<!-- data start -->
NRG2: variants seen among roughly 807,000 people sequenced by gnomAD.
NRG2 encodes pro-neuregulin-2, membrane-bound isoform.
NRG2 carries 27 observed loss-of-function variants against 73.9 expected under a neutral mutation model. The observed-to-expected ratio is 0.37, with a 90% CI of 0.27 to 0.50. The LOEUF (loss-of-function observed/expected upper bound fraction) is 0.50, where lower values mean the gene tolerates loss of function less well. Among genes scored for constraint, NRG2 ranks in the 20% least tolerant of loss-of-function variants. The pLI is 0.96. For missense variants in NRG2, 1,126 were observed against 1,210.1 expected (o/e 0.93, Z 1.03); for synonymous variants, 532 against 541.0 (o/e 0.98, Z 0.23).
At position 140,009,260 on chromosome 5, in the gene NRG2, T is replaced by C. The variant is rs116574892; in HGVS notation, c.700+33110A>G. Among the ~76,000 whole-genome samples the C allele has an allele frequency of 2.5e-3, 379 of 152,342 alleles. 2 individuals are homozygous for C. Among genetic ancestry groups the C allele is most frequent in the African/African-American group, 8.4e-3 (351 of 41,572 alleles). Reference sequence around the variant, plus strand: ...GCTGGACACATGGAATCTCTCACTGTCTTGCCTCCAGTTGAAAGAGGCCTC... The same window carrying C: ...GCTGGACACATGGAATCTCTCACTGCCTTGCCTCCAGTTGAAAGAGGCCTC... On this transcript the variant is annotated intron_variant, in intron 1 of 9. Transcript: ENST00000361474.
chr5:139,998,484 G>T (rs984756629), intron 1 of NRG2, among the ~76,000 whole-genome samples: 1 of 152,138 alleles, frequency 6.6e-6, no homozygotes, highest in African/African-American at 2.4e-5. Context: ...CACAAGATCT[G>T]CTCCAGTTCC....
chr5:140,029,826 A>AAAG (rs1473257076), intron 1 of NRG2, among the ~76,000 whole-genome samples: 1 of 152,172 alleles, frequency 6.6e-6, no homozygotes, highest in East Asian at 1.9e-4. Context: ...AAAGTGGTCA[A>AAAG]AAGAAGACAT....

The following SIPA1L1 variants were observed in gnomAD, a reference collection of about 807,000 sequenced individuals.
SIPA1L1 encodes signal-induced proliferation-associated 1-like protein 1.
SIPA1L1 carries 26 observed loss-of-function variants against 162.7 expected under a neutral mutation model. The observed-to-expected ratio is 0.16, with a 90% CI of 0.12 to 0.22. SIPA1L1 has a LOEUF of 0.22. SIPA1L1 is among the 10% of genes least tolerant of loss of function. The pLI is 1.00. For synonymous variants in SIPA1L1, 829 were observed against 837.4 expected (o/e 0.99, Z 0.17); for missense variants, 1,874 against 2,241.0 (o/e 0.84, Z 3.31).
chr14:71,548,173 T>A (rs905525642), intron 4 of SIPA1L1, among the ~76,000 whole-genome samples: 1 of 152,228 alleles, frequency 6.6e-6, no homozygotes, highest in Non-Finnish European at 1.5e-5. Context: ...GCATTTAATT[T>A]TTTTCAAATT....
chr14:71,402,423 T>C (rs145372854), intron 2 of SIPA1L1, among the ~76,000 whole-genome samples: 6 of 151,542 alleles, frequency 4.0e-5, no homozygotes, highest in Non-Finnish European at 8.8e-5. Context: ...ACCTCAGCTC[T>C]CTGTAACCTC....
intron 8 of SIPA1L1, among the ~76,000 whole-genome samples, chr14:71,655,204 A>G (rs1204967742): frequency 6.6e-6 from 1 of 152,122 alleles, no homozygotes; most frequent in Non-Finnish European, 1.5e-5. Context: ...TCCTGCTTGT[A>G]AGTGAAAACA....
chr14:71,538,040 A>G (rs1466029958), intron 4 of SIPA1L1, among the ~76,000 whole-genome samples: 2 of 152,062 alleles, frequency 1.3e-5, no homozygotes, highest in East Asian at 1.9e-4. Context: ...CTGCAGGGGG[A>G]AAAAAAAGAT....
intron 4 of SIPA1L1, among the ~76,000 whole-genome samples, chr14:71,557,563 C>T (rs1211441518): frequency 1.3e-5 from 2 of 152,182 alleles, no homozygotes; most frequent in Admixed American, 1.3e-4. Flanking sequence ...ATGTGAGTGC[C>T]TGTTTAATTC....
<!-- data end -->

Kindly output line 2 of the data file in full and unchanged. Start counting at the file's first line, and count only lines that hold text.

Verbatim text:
NRG2 encodes pro-neuregulin-2, membrane-bound isoform.